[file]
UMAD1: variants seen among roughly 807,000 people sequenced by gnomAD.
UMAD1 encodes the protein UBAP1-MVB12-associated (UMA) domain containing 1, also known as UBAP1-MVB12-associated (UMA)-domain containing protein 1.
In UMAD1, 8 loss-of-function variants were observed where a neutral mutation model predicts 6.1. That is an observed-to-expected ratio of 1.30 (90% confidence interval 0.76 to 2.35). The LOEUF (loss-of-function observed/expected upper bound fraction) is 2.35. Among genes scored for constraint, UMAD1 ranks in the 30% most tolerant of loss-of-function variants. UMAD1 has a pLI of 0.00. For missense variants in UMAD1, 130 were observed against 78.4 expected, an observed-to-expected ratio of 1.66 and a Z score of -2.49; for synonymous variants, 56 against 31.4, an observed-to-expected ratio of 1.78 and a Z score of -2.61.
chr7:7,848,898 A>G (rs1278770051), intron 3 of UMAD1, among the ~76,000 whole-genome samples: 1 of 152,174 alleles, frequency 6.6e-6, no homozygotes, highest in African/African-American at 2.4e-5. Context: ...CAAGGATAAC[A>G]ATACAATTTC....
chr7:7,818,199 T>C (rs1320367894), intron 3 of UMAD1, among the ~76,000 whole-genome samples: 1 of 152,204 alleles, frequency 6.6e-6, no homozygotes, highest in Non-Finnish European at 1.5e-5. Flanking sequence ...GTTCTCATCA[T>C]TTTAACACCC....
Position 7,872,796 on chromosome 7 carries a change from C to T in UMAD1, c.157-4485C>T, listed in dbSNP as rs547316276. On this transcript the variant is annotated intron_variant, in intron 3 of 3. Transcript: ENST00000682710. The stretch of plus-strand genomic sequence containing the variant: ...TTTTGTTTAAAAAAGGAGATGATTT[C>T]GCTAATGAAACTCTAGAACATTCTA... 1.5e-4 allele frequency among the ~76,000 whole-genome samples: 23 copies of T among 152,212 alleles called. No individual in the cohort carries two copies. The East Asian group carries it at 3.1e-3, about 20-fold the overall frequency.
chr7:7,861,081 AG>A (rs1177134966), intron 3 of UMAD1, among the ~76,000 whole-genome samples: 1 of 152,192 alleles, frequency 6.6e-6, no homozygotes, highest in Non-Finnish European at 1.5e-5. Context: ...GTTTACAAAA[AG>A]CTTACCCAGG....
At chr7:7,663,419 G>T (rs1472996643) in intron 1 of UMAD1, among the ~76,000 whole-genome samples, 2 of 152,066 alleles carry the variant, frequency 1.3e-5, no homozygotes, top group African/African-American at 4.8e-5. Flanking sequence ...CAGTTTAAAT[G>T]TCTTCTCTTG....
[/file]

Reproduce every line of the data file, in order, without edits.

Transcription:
UMAD1: variants seen among roughly 807,000 people sequenced by gnomAD.
UMAD1 encodes the protein UBAP1-MVB12-associated (UMA) domain containing 1, also known as UBAP1-MVB12-associated (UMA)-domain containing protein 1.
In UMAD1, 8 loss-of-function variants were observed where a neutral mutation model predicts 6.1. That is an observed-to-expected ratio of 1.30 (90% confidence interval 0.76 to 2.35). The LOEUF (loss-of-function observed/expected upper bound fraction) is 2.35. Among genes scored for constraint, UMAD1 ranks in the 30% most tolerant of loss-of-function variants. UMAD1 has a pLI of 0.00. For missense variants in UMAD1, 130 were observed against 78.4 expected, an observed-to-expected ratio of 1.66 and a Z score of -2.49; for synonymous variants, 56 against 31.4, an observed-to-expected ratio of 1.78 and a Z score of -2.61.
chr7:7,848,898 A>G (rs1278770051), intron 3 of UMAD1, among the ~76,000 whole-genome samples: 1 of 152,174 alleles, frequency 6.6e-6, no homozygotes, highest in African/African-American at 2.4e-5. Context: ...CAAGGATAAC[A>G]ATACAATTTC....
chr7:7,818,199 T>C (rs1320367894), intron 3 of UMAD1, among the ~76,000 whole-genome samples: 1 of 152,204 alleles, frequency 6.6e-6, no homozygotes, highest in Non-Finnish European at 1.5e-5. Flanking sequence ...GTTCTCATCA[T>C]TTTAACACCC....
Position 7,872,796 on chromosome 7 carries a change from C to T in UMAD1, c.157-4485C>T, listed in dbSNP as rs547316276. On this transcript the variant is annotated intron_variant, in intron 3 of 3. Transcript: ENST00000682710. The stretch of plus-strand genomic sequence containing the variant: ...TTTTGTTTAAAAAAGGAGATGATTT[C>T]GCTAATGAAACTCTAGAACATTCTA... 1.5e-4 allele frequency among the ~76,000 whole-genome samples: 23 copies of T among 152,212 alleles called. No individual in the cohort carries two copies. The East Asian group carries it at 3.1e-3, about 20-fold the overall frequency.
chr7:7,861,081 AG>A (rs1177134966), intron 3 of UMAD1, among the ~76,000 whole-genome samples: 1 of 152,192 alleles, frequency 6.6e-6, no homozygotes, highest in Non-Finnish European at 1.5e-5. Context: ...GTTTACAAAA[AG>A]CTTACCCAGG....
At chr7:7,663,419 G>T (rs1472996643) in intron 1 of UMAD1, among the ~76,000 whole-genome samples, 2 of 152,066 alleles carry the variant, frequency 1.3e-5, no homozygotes, top group African/African-American at 4.8e-5. Flanking sequence ...CAGTTTAAAT[G>T]TCTTCTCTTG....